First, I look at my future log and transfer all events and tasks to the monthly spread.
Then, I migrate tasks from the previous month. If they go into the new month, I mark them with a forward arrow (>) and write them into the new monthly spread. If they need to be moved more than one month ahead, then I called them “forwarded,” mark them with a double backward arrow (<<), and write them in the new month in the future log.
I also take this time to make plans or write down tasks for the month. I might add the task to look up a craft idea for Sprout or plan our daddy date for the month.
At the end of the day (or morning of the next…), I set up a new daily log.I write the date in MMDD format, then the day name in the next sizable space — either below the previous date or a new page. Tasks and events are concise; I only write as much information as I need.
Then, more migration. 🙂 First, I migrate tasks from the previous day and mark off completed tasks. If a tasks needs to migrate further in the same month, I write it on the monthly spread. If it needs to migrate even further than that, I write it in the future log for the appropriate month. Most daily tasks move either to the next day or within the same month.
I look back at the monthly spread and find tasks/events for the day. This is how things are scheduled. I can pick off tasks from the monthly spread that seem feasible for the day — I don’t have to plan specific things so far in advance.
As I complete tasks (or at the end of the day), I mark them off with an X. Tasks that were begun but not completed only get one slash (\). For example, on 1013 in the photo above, I planned to fold clothes out of the dryer and wash diapers. I folded the clothes but did not put them away, and I washed the diapers but did not fold them or put them away. So those tasks, in my mind, were “incomplete” and marked appropriately. The dusting was migrated along with “wash couch cushion covers.” I did print pictures and update the kids’ baby books, though, so the day wasn’t entirely wasted. 🙂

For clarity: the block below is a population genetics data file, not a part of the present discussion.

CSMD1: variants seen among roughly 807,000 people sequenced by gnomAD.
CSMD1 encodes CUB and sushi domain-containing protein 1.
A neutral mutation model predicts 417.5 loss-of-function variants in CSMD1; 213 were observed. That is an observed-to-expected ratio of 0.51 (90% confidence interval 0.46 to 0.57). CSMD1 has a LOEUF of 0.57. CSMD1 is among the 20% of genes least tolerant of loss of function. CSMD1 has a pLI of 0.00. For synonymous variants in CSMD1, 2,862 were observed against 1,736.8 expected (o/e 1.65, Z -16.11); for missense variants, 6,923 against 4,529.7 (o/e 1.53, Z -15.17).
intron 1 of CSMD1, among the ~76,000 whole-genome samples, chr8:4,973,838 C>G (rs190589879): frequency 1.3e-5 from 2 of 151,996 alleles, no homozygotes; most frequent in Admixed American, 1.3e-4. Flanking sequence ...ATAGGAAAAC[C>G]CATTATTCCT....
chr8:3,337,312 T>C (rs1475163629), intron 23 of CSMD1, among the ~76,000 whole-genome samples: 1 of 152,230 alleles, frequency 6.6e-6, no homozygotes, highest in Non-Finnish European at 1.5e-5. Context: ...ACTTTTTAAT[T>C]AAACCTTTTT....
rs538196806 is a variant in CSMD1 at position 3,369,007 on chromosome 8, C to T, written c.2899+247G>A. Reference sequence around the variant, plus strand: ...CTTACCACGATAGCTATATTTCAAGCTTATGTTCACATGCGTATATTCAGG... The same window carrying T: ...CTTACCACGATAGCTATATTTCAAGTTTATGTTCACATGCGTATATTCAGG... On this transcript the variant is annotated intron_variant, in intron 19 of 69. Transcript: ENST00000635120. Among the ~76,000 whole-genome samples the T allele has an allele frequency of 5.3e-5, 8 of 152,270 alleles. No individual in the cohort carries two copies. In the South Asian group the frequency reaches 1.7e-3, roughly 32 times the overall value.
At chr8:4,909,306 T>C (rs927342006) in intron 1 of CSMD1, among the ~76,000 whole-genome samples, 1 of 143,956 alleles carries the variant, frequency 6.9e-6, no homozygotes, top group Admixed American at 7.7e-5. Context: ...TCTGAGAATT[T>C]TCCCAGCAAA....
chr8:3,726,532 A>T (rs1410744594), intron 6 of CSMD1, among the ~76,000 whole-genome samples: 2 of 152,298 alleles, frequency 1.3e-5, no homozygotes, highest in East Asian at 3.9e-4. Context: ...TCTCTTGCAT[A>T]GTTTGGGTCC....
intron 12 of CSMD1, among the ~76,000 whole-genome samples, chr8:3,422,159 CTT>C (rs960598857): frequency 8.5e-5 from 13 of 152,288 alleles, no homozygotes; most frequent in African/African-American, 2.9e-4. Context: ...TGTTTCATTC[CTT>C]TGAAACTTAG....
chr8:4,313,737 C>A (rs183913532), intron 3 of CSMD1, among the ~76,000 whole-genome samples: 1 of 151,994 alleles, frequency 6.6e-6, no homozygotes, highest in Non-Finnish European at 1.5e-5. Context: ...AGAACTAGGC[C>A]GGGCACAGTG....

Notes can be entered as short one-liners in the daily log or on a new page. Most often, I write notes on new pages because they fit into collections like recipes. I prefer not to have recipes interspersed with all my daily logs. The BuJo can be used as a notebook anywhere from doctor appointments to educational lectures. Those notes can then be transcribed into a more suitable location after the fact, which is a great way to refresh anyway.
This style of planner lends itself excellently to diary-keeping. I have experimented with keeping a one-sentence daily diary and also short diary-style entries at the bottom of each daily log. I have not been diligent with either of those (I am not, naturally, a diary keeper.), but I like the ideas. Diary entries could be given their own pages and “collected” in the index.
I am not artistic. I may draw a doodle now and again on a monthly spread or daily log page. Occasionally, I copy an interesting quote into a blank space. Overall, my BuJo is plain, and I like it that way.
That wraps up my series on the Bullet Journal system for life planning, organization, and management.